Android: Best practices for unique identifiers14
The first thing you might say is, what the fuck, even when I opt out of advertising, both Google and Apple think that tracking what I purchased is fair game?!?!? Of course, in our current cynicism, we know this is because attribution is King. The second thing we might say is, why do these two statements about what isn’t restricted sound so similar? The reason for that is that these regulations were agreed upon by the industry-run standards body, the Interactive Advertising Bureau.
Ahhhhh, smell that? That’s the sweet smell of self-regulation, and all I really have to say about that is what I’ve already said - that self-regulation lead to a decision that what you purchased is still fair game when a user wants ad tracking to be limited. All this weakness and obvious corruption exists in service of attribution, so advertisers can better justify spending money on ads.
One objection to my last post was that it gave the impression that advertisers use a lot more 1:1 customer data in advertising than they actually do. I do think that advertisers do that, but I also think that probabilistic audiences are used a lot, and I think this usage actually benefits attribution. Attribution feeds off of widespread advertising campaigns, because its goal is to take credit for as many conversions as possible. Even if a consumer doesn’t pay attention to an ad, making sure it appears somewhere in front of/near them is good for attribution.
If a particular group of people is identified as converting often, and the media attribution model is perverse enough, it will likely make sense to advertise to that group even if the ad DECREASES real conversions in that group. This is the epitome of the broken incentives bought about by media attribution. This is productive, if your idea of productivity is taking credit for things that were already happening, and increasing your marketing budget.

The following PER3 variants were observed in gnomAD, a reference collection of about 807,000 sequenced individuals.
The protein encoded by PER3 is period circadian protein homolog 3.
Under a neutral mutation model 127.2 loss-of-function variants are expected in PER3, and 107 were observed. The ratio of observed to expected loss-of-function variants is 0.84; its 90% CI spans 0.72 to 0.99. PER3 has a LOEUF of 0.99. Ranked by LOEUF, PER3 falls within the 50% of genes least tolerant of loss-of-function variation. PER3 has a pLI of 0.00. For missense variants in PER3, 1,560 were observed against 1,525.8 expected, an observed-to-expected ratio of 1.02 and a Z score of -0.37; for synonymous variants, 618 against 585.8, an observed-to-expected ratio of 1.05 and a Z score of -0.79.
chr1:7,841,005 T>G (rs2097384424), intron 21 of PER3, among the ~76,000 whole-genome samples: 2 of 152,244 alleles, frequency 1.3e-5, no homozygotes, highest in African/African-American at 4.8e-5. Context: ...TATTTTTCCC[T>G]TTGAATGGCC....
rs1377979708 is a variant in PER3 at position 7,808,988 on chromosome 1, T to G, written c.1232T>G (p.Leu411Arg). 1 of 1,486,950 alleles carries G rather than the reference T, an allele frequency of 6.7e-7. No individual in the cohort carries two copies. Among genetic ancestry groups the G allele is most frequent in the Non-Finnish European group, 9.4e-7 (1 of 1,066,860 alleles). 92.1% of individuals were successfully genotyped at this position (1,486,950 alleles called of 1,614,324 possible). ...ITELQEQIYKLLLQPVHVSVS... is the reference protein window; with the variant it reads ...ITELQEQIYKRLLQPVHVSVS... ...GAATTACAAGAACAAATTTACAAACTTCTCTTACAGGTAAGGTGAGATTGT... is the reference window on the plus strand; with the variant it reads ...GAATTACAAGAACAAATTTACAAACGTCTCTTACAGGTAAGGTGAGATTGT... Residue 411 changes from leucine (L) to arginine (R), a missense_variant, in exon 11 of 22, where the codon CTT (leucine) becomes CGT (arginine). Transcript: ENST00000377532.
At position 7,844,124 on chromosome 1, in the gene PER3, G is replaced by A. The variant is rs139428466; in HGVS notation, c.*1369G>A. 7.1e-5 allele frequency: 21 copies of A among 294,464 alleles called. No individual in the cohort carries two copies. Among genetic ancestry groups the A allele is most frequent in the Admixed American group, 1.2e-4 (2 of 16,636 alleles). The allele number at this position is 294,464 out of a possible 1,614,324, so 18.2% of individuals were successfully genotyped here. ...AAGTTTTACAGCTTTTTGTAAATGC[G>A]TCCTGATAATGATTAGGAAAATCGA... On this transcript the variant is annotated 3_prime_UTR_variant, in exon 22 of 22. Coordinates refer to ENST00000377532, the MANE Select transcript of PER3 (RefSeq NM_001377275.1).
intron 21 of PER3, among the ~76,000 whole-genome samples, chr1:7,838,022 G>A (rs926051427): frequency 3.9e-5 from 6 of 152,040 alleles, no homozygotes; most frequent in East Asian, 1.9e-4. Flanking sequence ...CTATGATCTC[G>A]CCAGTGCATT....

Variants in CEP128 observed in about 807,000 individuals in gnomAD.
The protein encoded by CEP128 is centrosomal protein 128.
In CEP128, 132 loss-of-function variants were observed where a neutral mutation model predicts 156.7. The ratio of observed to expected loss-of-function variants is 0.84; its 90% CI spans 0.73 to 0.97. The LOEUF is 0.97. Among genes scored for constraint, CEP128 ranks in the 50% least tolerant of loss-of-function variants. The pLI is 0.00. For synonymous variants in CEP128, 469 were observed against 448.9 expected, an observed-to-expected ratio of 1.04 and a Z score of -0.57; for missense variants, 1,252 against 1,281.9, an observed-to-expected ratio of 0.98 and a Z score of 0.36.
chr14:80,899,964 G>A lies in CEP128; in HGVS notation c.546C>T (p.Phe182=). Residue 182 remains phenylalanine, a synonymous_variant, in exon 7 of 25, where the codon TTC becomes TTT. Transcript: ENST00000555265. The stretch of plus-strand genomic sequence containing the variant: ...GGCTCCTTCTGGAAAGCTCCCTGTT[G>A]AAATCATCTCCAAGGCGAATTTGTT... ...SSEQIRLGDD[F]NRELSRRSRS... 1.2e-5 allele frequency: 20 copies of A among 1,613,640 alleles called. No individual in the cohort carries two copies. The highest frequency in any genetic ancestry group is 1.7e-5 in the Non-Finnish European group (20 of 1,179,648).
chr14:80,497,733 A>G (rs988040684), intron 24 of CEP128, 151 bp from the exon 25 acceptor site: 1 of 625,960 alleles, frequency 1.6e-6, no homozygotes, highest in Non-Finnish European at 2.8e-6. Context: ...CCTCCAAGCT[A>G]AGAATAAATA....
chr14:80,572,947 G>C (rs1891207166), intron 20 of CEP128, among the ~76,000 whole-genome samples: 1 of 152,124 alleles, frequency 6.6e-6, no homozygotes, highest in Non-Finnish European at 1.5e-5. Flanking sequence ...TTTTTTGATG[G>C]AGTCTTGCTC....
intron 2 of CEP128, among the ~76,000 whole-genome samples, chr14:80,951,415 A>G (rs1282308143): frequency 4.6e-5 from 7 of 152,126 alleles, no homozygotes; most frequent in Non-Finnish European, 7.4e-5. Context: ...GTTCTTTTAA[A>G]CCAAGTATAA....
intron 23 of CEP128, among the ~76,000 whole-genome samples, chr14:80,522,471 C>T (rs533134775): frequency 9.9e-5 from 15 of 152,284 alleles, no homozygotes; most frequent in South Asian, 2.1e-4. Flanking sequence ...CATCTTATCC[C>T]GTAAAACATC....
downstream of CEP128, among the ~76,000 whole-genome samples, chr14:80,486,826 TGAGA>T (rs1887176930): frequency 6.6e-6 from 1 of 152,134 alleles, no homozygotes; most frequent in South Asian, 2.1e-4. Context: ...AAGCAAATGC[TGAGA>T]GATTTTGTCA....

This all also means that, even if companies made no concerted attempt to track consumers for outgoing marketing purposes they would still collect tracking information due to their active desire to take credit for more conversions. Tracking implemented as a mechanism to increase the relevance of ads should be treated with extreme suspicion.
We might end up in a world, where, under the guise of privacy, the incumbents do all the attribution, and every company dutifully uploads everything they know about you in the hope that the conversion rate increases. We could very well find ourselves in a world where advertisers worship at that vile temple. And, this secrecy could be justified under the guise of protecting user privacy.
I think we must demand that user data is considered the user’s, and that they must somehow know what is going on with at least their own shit. It couldn’t be more perfect for companies that sell AdTech for them to measure the effectiveness of their own solution, and I fear that the feedback loop will increase advertising budgets where the money spent is purely spent on increasing ubiquitous corporate surveillance. It just takes one mistake for all our personal data to spill out everywhere, in that case.
Thanks for reading.